As we consider the meaning of the death of Jesus—intended by God as the death of all envy—and the power of His resurrection, intended as the basis for the proclamation of the gospel of life, what should we do? In the light of this, how should we live in community with one another?
Here is a fundamental rule of thumb to test whether you are living in accordance with gospel logic. What is your attitude toward people who excel you in anything? It might be the creation of wealth, it might be artistic giftedness, or it might be their ability to live comfortably with others. It could be anything. What is your attitude toward that? Does that kind of thing cause you to spur yourself on in glad imitation? Do you rejoice in what God has given to others? Do you want to grow to be more like that, joining them in the pursuit of God-honoring excellence?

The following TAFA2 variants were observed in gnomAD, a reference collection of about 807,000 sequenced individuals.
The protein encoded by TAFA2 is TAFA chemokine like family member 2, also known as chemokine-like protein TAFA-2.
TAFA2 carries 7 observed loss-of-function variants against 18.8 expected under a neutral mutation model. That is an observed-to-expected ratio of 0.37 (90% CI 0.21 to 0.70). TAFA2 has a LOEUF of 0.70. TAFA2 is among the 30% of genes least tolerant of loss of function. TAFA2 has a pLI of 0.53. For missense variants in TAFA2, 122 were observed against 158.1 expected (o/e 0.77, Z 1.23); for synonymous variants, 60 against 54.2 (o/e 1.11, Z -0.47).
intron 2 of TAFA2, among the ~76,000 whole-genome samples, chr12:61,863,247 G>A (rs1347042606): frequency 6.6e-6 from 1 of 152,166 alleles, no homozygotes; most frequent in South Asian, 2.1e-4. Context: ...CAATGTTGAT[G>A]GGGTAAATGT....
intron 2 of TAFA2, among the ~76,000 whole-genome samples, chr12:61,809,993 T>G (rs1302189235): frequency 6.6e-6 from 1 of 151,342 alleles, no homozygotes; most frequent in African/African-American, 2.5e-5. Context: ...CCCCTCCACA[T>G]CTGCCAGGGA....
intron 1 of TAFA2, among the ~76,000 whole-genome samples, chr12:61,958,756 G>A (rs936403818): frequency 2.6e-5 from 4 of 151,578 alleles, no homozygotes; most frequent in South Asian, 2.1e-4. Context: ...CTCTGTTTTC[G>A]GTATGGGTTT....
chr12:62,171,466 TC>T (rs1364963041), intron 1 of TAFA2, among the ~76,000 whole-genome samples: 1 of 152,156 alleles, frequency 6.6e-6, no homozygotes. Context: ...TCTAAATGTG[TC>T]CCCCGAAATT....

Or do you carp and criticize? Do you accuse them of cheating? Do you search out those who have conspired to make you always come in third? Do you goad yourself with an envy prod to help you to try to catch up with them? And if that is not possible, do you try to drag them down to your level, if only in your heart?
It is this attitude that the cross of Christ puts to death. And when it is put to death, a great deal of the trouble in the world is put to death along with it. Christians who understand gospel logic should be, taking one thing with another, the most accomplished and least envious people in the world. That is what the cross represents and means.